Francisco Paulo de Vasconcelos Soares1,2,3

M, #17445, n. 25 Janeiro 1868, f. 25 Junho 1953
Frank Soares at the front steps of his home
Collection J Bosco Correa
Frank Soares plucking fruit from his garden.
Collection Bosco Correa

Eventos Principais Main Events::

Nascimento: 25 Janeiro 1868, Cathedral, Hong Kong
Falecimento: 25 Junho 1953, Hong Kong
Enterro: Cemitério de Happy ValleyHappy Valley Cemetery, Hong Kong


Outros detalhes Other details:

  • Alcunha: "Frank."4
  • Nascimento*: Em 25 Janeiro 1868 Cathedral, Hong Kong.
  • Residence*: ; 2 Liberty Avenue in Homantin.
  • Condecorações*: Em 22 Março 1919; CavaleiroKnight Ordem Militar de Cristo de Portugal /Military Order of Christ of Portugal.5
  • Residence: ; Frank Soares developed the Kowloon suburb of Homantin in the mid-1920s. He, like his father Matias Soares, was a very keen horticulcurist and had in mind that the homes in Homantin would be self-sustaining from their own fruit trees and vegetable gardens, so he named his Homantin Development "The Garden City".
  • Ocupação*: Foi chanceler do Consulado de Portugal em Hong Kong, nomeado a 20.2.1937. No período crítico da II Guerra, e especialmente durante a ocupação japonesa de Hong Kong (Decembro de 1941 a Agosto de 1945) e na ausência de cônsul efective, foi encarregado do consulado. Enquanto encarregado do consulado tomou uma decisão, ilegal face à lei portugesa, mas que permitiu garantir a liberdade, e porventura a vida, de muitos descendentes de macaenses que viviam em Hong Kong e que já tinham perdido a nacionalidade portuguesa. Ele próprio a conta numa pequena nota manuscrita que agrafou no “Livro de Matrícula de Cidadãos Portugueses de Hong Kong”: “Em 2 de Janeiro de 1942, isto é, 8 dias depois da rendição da colónia de Hong Kong aos japoneses, começaram a inscrever-se neste livro – páginas 6 a 105 – como cidadãos portugueses, os súbitos britânicos de ascendência portuguesa na sua maioria, passando-se-lhes as respectivas cédulas a-fim-de que não fossem levados como prisioneiros para o campo de concentração e pudessem ser incluidos no número dos portugueses que se refugiaram na nossa colónia de Macau”. São cerca de 600 pessoas a quem este expediente do nosso cônsul, talves tenha salva a vida!He was Chancellor of the Consulate of Portugal in Hong Kong, appointed on 20 Feb 1937. In the critical period of World War II, and especially during the Japanese occupation of Hong Kong (December 1941 to August 1945) and in the absence of the actual consul, he was in charge of the consulate. While in charge of the consulate he took a decision, contrary to Portuguese law, but which ensured the freedom, and perhaps saved the lives, of many descendants of Macanese living in Hong Kong who had already lost Portuguese nationality. He himself recorded in a small handwritten note which he stapled to the Registry of Portuguese citizens of Hong Kong, "On January 2, 1942, that is, eight days after the surrender of the colony of Hong Kong to the Japanese, we began to register in this book – pages 6-105 – as Portuguese citizens, British subjects mostly of Portuguese descent by handing them certificates to avoid their being taken as prisoners in the concentration camp and allow them to be included with the Portuguese who took refuge in our colony of Macau. " There are about 600 people whose lives were perhaps saved by the resourcefulness of our consul!1,6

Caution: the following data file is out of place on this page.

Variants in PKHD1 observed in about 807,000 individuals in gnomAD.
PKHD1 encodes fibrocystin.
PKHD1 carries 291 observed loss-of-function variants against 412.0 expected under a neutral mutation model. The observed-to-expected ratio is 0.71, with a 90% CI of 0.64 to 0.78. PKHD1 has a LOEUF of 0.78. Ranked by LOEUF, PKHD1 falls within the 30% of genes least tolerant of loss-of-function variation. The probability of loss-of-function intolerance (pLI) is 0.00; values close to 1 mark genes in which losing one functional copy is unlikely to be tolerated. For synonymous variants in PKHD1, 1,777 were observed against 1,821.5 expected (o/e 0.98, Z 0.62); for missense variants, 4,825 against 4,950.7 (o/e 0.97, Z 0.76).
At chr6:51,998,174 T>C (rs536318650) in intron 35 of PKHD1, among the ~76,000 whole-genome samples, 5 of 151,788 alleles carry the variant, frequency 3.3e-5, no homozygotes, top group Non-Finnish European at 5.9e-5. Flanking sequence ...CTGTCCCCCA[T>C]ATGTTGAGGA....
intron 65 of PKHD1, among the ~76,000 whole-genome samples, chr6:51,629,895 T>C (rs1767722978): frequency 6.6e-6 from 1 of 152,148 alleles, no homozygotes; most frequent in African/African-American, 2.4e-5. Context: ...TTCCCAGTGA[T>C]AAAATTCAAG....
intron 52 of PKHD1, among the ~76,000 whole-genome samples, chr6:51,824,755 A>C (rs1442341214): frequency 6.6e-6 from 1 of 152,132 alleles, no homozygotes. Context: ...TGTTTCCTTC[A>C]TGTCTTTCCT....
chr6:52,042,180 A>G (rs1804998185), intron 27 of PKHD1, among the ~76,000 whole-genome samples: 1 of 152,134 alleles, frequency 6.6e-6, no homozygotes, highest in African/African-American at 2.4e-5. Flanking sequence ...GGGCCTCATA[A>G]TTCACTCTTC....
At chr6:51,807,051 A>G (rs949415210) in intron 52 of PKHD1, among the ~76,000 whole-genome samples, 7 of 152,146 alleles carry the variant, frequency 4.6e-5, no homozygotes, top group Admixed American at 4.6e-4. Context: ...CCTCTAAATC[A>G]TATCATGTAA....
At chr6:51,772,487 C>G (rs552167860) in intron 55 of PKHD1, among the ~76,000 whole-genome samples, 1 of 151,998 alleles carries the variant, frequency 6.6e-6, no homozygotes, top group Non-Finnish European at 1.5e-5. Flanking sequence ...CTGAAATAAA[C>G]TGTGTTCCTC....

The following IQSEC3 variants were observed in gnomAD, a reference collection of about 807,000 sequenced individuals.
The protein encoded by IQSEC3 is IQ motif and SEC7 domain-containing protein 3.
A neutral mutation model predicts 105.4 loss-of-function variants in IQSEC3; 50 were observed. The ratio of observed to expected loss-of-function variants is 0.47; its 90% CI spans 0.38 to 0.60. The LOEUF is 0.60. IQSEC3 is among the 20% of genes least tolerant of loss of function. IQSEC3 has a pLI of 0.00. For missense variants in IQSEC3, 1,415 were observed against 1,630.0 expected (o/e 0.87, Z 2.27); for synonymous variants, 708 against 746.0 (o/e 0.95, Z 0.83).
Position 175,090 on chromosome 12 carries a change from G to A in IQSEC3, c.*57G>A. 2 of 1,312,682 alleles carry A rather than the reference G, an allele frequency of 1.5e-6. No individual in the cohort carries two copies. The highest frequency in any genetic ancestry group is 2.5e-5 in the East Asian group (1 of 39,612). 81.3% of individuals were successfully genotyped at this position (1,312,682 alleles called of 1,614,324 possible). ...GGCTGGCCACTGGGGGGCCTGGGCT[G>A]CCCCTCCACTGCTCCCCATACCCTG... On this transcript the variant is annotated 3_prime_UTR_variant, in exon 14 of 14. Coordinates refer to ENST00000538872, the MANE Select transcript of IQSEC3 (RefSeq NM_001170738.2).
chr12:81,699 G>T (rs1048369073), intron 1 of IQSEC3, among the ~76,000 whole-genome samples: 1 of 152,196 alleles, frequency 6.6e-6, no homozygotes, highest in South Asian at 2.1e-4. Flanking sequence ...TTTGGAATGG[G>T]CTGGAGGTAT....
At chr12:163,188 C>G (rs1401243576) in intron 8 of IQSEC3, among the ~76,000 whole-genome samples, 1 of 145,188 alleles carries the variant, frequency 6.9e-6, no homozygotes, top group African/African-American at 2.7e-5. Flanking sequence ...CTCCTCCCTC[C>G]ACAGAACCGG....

• Residence*: ; When the Japanese attacked Hong Kong on December 8, 1941 my grandfather who was then 74 years of age was the Acting Consul for Portugal. He decided to move the Consulate from the Bank of East Asia Building in Des Voeux Road, Central to his home in Homantin. When Kowloon was abandoned a few days later by the British forces which fell back to Hong Kong Island looters took over Kowloon and he opened his home and gave refuge to some 400 refugees mainly Portuguese residents from Homantin and Kowloon Tong.
    The logistics to shelter and feed so many people when all utilities such as water, power, gas and telephone were cut off due to the hostilities was immense. Just imagine cooking for so many people and arranging their washing and sanitary needs. Not only was he able to organise all this he also got all the able-bodied Portuguese residents together and set up street guards to fight off marauding looters some of whom had to be shot and killed.
    When the Japanese combat troops arrived my grandfather personally went and met them and obtained their commanding officer's assurance to respect the neutrality of the Portuguese residents and to protect the district from looters. All this whilst the Japanese and the British were exchanging heavy artillery fire against one another!

    J. Bosco Correa 2008.

  • Nota*: Mentioned in booklet by JP Braga "The Portuguese in Hong Kong and China".
  • Foto1*: 19487
  • Falecimento*: 25 Junho 1953 Hong Kong 85.
  • Enterro*: Enterro: em Cemitério de Happy ValleyHappy Valley Cemetery, Hong Kong, (um valor desconhecido.)
  • KooThesis*: Mencionado em a href="uikoothesis.htm"> I > B. Koo Tese / i > / a >


  1. [S4] Famílias Macaenses 1st ed., III-829.
  2. [S4] Famílias Macaenses 1st ed., I-164.
  3. [S642] Jorge Forjaz, Famílias Macaenses 2nd ed., I-186, V-487.
  4. [S150] Antonio Jorge da Silva, Portuguese Community in HK.
  5. [S4] Famílias Macaenses 1st ed., III-828.
  6. [S642] Jorge Forjaz, Famílias Macaenses 2nd ed., V-489.
  7. [S61] Bosco Correa #38206, e-mail to HA d'Assumpcao.
  8. [S420] BHM Koo, "Koo, Barney thesis."